UK: Can the politics bail on scientific advise?

21 07 2010

“All too often governments make political policy choices rather than evidence-based ones. This approach has caused deep consternation among the scientific community in the UK, where a schism now exists between the government and its scientific advisers.
The trouble started last October after David Nutt, chair of the Advisory Council on the Misuse of Drugs (ACMD), was sacked for publicly speaking out against the government’s decision to ignore the ACMD’s advice on cannabis.

In November, the scientific community, though understandably angry at the way in which the government had treated a respected scientific adviser, decided to respond in a constructive manner. 90 senior scientists, scientific advisers, and Sense about Science—an independent charity promoting good science for the public—drafted a set of principles on the treatment of scientific advice and sent them to the Prime Minister, Gordon Brown. The principles fall under three themes: academic freedom to express views openly without restriction, independence of operation, and proper consideration of advice by ministers. The code enshrined what scientific advice to government should be—independent of political interference and ideology.
How did the government respond? It redrafted the principles to suit its agenda. Most notably, the government dropped academic freedom as a principle and inserted “trust and respect”. Under this heading it states that: “The government and its scientific advisers should work together to reach a shared position, and neither should act to undermine mutual trust.” However, asking scientific advisers to collude with government to reach a “shared position” on policies would undermine the independence of scientific advice. Essentially, these revisions represent an attempt by government to avoid any future public dissent from its scientific advisers.

The government must now listen to the concerns that have been raised over its version of the principles and revise them accordingly. Doing so will restore the confidence of both the scientific community and the public in ministerial policy making. It will also help to repair the damaged relationship that exists between the government and its scientific advisers.”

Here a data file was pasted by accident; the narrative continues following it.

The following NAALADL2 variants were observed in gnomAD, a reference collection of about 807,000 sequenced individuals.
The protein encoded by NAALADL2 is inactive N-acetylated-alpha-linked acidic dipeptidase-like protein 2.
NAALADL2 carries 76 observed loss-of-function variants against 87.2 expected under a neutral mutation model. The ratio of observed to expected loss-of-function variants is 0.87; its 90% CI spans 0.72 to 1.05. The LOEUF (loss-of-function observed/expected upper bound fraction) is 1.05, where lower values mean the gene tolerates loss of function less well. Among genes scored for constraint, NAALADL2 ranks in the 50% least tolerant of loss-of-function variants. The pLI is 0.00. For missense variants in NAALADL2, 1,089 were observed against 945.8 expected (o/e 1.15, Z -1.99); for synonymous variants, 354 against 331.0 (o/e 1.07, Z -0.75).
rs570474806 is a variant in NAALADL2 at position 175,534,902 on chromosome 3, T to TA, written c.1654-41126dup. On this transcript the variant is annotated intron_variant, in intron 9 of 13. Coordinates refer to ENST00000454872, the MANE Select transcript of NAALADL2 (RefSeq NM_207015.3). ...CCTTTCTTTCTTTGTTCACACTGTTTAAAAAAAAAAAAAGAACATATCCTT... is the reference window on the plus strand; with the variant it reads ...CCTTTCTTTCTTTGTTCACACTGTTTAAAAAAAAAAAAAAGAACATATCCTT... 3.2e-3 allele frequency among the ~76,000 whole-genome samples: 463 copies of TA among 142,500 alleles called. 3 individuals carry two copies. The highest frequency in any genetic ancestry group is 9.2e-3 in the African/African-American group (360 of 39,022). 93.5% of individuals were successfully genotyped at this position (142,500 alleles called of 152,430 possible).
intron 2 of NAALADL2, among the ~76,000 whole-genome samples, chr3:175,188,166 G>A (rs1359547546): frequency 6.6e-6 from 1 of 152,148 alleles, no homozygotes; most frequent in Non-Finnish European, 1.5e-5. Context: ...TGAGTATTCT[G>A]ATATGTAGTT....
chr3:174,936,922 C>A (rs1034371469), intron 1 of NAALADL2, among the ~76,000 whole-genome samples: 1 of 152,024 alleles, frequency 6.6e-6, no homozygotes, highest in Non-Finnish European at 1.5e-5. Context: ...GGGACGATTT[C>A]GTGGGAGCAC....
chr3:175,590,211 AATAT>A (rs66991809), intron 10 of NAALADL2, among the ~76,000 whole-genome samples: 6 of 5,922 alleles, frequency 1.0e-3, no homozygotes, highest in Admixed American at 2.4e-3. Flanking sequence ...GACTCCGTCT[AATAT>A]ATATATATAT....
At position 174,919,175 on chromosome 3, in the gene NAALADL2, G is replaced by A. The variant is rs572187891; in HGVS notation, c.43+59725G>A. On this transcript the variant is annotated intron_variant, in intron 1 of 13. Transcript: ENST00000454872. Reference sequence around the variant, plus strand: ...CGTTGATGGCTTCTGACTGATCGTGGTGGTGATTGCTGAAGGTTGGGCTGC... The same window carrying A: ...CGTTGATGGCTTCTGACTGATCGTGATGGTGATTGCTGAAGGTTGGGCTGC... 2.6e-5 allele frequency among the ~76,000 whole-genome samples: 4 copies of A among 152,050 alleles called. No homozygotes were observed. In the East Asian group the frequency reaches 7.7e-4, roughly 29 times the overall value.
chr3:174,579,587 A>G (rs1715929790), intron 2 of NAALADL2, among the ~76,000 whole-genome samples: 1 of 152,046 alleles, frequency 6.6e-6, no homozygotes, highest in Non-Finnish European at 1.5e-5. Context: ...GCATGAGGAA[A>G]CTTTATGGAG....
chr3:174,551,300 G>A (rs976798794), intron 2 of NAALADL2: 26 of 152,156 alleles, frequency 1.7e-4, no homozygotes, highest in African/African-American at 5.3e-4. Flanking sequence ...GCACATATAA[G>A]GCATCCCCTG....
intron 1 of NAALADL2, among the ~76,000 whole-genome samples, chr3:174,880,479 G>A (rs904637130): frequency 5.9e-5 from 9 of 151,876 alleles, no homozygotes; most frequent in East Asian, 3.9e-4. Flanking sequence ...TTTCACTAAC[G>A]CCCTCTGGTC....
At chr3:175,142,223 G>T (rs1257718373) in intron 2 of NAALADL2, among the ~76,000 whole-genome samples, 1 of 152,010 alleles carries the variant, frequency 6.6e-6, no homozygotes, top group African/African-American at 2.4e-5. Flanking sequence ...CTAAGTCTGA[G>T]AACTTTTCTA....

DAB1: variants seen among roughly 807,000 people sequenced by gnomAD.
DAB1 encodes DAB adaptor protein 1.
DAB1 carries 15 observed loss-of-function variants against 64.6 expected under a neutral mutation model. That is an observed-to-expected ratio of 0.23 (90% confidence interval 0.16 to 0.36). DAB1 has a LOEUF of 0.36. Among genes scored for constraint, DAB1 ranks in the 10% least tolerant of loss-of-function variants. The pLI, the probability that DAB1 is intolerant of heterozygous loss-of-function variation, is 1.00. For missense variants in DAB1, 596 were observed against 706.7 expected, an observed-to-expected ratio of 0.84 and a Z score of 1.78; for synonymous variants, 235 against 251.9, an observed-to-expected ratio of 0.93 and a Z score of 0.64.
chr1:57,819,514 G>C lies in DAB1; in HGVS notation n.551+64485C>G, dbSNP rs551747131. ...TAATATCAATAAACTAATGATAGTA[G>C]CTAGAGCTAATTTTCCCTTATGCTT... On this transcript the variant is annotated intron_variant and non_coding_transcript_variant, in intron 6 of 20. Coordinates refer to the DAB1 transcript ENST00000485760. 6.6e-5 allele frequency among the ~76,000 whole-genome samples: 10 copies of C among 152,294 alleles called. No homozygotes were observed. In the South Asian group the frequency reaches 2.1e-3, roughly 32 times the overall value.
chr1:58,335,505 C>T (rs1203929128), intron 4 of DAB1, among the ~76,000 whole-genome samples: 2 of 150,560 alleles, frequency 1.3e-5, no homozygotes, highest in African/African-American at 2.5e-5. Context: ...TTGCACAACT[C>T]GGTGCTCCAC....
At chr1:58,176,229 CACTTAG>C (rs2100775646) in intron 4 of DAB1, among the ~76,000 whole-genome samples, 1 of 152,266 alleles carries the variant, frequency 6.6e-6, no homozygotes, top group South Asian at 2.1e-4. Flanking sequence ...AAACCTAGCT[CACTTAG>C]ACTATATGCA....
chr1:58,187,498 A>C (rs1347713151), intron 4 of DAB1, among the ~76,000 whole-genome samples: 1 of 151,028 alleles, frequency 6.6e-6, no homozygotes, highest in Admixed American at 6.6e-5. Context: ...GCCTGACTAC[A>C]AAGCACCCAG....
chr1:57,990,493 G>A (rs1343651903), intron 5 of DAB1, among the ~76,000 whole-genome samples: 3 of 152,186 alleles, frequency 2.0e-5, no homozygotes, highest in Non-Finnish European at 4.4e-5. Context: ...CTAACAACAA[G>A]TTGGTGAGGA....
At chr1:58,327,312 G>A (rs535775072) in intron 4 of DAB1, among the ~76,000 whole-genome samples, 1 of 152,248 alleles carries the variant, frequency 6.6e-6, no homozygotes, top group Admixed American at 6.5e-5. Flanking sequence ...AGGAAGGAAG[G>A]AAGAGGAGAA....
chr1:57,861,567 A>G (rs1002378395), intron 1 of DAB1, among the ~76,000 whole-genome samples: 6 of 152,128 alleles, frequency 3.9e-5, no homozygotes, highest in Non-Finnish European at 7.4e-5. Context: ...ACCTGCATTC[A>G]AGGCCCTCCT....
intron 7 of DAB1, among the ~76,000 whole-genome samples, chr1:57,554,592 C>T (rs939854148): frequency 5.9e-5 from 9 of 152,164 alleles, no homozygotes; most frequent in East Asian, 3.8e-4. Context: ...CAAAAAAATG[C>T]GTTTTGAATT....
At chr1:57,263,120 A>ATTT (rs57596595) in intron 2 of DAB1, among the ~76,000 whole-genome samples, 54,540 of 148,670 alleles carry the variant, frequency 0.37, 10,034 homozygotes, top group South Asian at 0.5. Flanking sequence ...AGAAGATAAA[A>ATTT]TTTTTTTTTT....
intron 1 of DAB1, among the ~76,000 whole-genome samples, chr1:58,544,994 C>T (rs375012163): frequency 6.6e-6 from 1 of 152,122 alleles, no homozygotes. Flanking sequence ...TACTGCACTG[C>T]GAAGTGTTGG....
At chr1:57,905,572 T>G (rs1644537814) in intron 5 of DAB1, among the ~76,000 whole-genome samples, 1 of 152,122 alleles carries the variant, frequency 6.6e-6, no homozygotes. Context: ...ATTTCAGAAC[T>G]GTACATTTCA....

This is what the Lancet wrote about the issue in February this year. Since then, a new government has been formed out of a coalition between the Tory (conservatives) and the Lib-Dem.

But yet, nothing has been done to ensure independent scientific advice to be considered by the parliament.

It looks like ex Prime Minister G. Brown left the draft in a secure place or that the new government has other more important issues (?!)

Source: The Lancet





Will California be the pioneer in drug policy changes?

21 07 2010

Legalize-cannabisCalifornia — In 1971 a group of teenagers in San Rafael, north of San Francisco, started meeting after school, at 4:20 p.m., to get high. The habit spread, and 420 became code for fun time among potheads worldwide.

Ever since, California has remained in the vanguard of global cannabis culture. Oaksterdam University in Oakland is today unique in the world as a sort of Aristotelian lyceum for the study of all aspects — horticultural, scientific, historical — of the weed.

Legally, California has also been a pioneer, at least within America. In 1996 it was the first state to allow marijuana to be grown and consumed for medicinal purposes. Since then, 13states and the District of Columbia have followed, and others are considering it.

But this year California may set a more fundamental, and global, precedent. It may become the first jurisdiction in the world to legalize, regulate and tax the consumption, production and distribution of marijuana. Read the rest of this entry »








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